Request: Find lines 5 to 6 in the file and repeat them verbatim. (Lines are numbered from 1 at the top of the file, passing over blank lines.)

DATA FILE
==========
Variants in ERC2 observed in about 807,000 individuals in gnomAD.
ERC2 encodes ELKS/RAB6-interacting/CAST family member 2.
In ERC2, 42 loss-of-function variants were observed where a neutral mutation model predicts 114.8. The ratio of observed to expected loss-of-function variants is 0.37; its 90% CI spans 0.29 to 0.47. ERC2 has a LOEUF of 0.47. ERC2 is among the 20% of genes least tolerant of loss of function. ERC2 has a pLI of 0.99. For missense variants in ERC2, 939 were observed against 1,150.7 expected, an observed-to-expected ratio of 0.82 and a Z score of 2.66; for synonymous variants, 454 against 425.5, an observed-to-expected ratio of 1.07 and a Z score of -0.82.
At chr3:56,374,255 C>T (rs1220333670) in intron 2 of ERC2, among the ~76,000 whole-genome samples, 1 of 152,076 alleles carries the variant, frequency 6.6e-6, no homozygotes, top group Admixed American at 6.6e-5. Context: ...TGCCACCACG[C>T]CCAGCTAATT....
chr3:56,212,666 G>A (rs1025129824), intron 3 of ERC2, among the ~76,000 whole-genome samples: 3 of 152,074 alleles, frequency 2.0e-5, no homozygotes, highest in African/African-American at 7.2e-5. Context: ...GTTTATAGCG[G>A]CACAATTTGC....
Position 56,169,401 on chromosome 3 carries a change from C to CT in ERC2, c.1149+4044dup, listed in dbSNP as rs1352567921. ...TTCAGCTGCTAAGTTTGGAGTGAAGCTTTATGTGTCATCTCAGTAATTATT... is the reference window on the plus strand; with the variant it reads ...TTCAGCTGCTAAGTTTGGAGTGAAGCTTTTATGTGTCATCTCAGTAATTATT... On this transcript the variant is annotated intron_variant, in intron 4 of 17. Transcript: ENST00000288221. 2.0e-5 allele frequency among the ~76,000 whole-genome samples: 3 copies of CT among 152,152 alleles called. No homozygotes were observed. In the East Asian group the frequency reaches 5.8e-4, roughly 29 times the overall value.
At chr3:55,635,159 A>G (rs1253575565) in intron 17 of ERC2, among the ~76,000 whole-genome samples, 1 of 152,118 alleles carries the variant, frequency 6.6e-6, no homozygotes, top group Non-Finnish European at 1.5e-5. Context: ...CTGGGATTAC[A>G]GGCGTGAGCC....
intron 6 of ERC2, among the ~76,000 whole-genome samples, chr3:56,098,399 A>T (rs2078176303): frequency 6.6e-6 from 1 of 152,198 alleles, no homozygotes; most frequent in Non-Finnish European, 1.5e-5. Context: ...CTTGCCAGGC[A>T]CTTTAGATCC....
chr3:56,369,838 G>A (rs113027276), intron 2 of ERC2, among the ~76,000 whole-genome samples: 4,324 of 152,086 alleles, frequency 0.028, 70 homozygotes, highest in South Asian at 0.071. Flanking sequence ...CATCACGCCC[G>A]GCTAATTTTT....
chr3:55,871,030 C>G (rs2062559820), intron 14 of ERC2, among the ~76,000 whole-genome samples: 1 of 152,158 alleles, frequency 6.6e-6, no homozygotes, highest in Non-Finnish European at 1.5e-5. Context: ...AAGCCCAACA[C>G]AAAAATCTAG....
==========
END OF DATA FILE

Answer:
chr3:56,212,666 G>A (rs1025129824), intron 3 of ERC2, among the ~76,000 whole-genome samples: 3 of 152,074 alleles, frequency 2.0e-5, no homozygotes, highest in African/African-American at 7.2e-5. Context: ...GTTTATAGCG[G>A]CACAATTTGC....
Position 56,169,401 on chromosome 3 carries a change from C to CT in ERC2, c.1149+4044dup, listed in dbSNP as rs1352567921. ...TTCAGCTGCTAAGTTTGGAGTGAAGCTTTATGTGTCATCTCAGTAATTATT... is the reference window on the plus strand; with the variant it reads ...TTCAGCTGCTAAGTTTGGAGTGAAGCTTTTATGTGTCATCTCAGTAATTATT... On this transcript the variant is annotated intron_variant, in intron 4 of 17. Transcript: ENST00000288221. 2.0e-5 allele frequency among the ~76,000 whole-genome samples: 3 copies of CT among 152,152 alleles called. No homozygotes were observed. In the East Asian group the frequency reaches 5.8e-4, roughly 29 times the overall value.